While Britain is already a major exporter, we’re an even bigger importer. This country ranks twelfth among countries selling goods and services overseas but we’re seventh when it comes to sucking in stuff from abroad. Last year was typical, with UK exports worth £310bn, compared to £420bn of imports. As such, we ran an absolutely massive trade deficit, second only to America in absolute terms.

Being the twelfth-biggest exporter is actually a pretty dismal performance given that Britain is still the sixth biggest economy on earth. The reality is, though, that even including our considerable service sector exports, the UK has run a trade deficit for most of the past 30 years.

For a generation, then, despite our matchless trading heritage, Britain’s external sector has been a drag on net growth, adding to our ever-deepening indebtedness. For much of that time, the scale of our exporting failure, particularly in manufacturing, has been masked by oil, with North Sea exports keeping the trade deficit within manageable bounds. But now we’re an oil importer again, an old-fashioned balance of payments crisis isn’t an idle threat.

The UK simply must export more – and amid the photo-shoots and communique-angsting of this week’s G8 shindig, drumming up trade is where the efforts of our politicians and diplomats should be firmly focused. We hear endless rhetoric about “rebalancing” the economy towards exports, particularly to the fast-growing markets of the East, but it is barely happening.

Having spent a significant chunk of my adult life living and working in emerging markets, words can’t truly convey the speed at which much of the non-Western world is transforming, and the urgent necessity for UK commerce to response. China’s national income has expanded at an average of 10pc a year for the last three decades. The East Asian Tigers – the likes of South Korea, Singapore, Taiwan, Malaysia and Hong Kong – have meanwhile grown 6pc a year or more. During 2013, the GDP of the emerging markets as a whole will surpass the “advanced nations”, the World Bank says, for the first time in five centuries. This is the major economic trend of our time, yet responding to such realities is a mere footnote when it comes to British economic policy.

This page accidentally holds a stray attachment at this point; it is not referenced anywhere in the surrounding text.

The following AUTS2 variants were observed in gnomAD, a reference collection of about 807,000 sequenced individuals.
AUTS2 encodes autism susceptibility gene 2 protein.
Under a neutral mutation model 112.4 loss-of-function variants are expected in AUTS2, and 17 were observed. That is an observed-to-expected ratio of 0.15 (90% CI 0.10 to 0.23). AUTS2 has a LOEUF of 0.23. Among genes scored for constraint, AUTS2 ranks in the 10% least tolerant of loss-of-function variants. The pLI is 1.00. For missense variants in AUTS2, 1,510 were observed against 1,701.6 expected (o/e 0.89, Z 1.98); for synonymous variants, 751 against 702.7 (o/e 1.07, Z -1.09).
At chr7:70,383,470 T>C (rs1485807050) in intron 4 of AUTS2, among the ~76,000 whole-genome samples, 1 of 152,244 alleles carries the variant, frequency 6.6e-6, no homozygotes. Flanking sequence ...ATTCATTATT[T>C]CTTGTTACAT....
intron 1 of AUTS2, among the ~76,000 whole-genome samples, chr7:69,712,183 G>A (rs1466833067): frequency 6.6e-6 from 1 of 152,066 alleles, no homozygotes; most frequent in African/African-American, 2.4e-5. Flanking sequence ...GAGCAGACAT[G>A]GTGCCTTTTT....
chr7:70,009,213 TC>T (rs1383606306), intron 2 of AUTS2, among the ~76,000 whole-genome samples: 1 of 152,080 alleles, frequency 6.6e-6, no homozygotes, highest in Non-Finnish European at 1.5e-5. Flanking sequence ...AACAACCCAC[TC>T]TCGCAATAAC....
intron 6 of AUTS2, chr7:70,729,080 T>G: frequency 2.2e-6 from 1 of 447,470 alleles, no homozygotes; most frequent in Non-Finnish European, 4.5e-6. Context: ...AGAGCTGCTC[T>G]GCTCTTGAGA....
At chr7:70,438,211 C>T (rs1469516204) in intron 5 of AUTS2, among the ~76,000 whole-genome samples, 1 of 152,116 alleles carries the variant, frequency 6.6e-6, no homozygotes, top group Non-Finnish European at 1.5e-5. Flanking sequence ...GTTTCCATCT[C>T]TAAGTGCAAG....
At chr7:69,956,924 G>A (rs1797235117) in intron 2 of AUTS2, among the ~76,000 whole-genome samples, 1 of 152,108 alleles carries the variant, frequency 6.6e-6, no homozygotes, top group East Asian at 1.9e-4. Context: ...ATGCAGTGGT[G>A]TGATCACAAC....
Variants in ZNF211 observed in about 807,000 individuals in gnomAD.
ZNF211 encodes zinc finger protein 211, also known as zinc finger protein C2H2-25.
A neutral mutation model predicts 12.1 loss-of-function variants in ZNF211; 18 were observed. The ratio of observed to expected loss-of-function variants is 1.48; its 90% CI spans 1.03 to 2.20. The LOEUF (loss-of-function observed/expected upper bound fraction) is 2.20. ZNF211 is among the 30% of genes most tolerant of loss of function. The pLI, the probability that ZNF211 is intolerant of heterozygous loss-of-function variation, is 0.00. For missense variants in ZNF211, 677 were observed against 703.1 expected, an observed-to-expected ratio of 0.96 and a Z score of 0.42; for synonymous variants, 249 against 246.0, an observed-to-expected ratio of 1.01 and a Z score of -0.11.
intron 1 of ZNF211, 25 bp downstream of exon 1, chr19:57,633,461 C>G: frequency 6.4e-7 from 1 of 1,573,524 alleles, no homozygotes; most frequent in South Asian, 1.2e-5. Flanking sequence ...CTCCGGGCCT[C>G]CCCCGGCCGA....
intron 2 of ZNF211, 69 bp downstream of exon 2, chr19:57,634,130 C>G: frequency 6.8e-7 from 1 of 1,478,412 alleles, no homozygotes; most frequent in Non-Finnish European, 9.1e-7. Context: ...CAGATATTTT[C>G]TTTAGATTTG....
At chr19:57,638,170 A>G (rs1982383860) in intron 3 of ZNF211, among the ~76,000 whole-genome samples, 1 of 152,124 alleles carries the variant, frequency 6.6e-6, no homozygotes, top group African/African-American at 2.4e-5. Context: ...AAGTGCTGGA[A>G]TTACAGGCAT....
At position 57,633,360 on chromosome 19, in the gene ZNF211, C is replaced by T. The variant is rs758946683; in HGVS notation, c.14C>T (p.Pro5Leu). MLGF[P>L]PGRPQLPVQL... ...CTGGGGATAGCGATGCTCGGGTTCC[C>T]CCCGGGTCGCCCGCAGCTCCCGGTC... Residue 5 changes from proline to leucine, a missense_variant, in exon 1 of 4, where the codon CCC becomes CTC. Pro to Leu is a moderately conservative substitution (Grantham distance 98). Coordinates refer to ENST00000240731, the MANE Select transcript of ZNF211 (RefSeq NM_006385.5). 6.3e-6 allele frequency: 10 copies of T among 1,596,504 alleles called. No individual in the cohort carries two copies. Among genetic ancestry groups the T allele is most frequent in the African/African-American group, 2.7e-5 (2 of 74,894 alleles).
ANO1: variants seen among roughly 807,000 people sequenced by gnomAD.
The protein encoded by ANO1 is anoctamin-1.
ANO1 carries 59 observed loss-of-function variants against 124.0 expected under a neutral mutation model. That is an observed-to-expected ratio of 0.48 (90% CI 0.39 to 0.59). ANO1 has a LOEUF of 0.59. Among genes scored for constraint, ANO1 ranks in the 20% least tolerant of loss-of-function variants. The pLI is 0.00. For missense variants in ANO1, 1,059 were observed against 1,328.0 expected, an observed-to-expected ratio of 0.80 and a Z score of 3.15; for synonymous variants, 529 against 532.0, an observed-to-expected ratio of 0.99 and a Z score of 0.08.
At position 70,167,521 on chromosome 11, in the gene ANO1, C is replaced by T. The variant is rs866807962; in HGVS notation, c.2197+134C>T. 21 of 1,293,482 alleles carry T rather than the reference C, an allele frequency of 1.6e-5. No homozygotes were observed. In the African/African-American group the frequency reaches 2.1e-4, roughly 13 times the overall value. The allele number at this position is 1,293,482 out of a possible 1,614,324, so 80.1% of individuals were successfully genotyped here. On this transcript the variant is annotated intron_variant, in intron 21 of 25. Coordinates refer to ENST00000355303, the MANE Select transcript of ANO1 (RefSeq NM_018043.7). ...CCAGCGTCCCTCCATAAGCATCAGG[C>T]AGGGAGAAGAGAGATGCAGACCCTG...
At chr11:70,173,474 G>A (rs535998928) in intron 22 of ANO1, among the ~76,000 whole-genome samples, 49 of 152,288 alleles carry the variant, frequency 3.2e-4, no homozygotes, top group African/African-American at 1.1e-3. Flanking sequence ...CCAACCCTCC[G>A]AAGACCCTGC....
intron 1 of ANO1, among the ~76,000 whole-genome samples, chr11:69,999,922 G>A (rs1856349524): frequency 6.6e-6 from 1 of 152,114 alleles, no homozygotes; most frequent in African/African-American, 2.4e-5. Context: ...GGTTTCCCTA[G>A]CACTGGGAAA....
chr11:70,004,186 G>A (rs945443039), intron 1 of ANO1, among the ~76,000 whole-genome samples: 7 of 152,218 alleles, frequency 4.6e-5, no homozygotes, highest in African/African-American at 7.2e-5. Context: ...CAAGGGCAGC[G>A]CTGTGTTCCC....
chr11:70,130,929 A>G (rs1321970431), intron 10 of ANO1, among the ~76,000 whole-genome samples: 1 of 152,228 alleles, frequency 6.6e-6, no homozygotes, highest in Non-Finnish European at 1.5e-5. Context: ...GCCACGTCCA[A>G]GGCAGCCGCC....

Asia is now a market of 3,000m people boasting a burgeoning middle class, a new mass market for UK goods. The Former Soviet Union, Africa and Latin America are also crucial markets of tomorrow. If we don’t get our goods and services in there fast our Western trading rivals will do so instead, to say nothing of domestic producers fast-adopting Western technology and developing know-how of their own.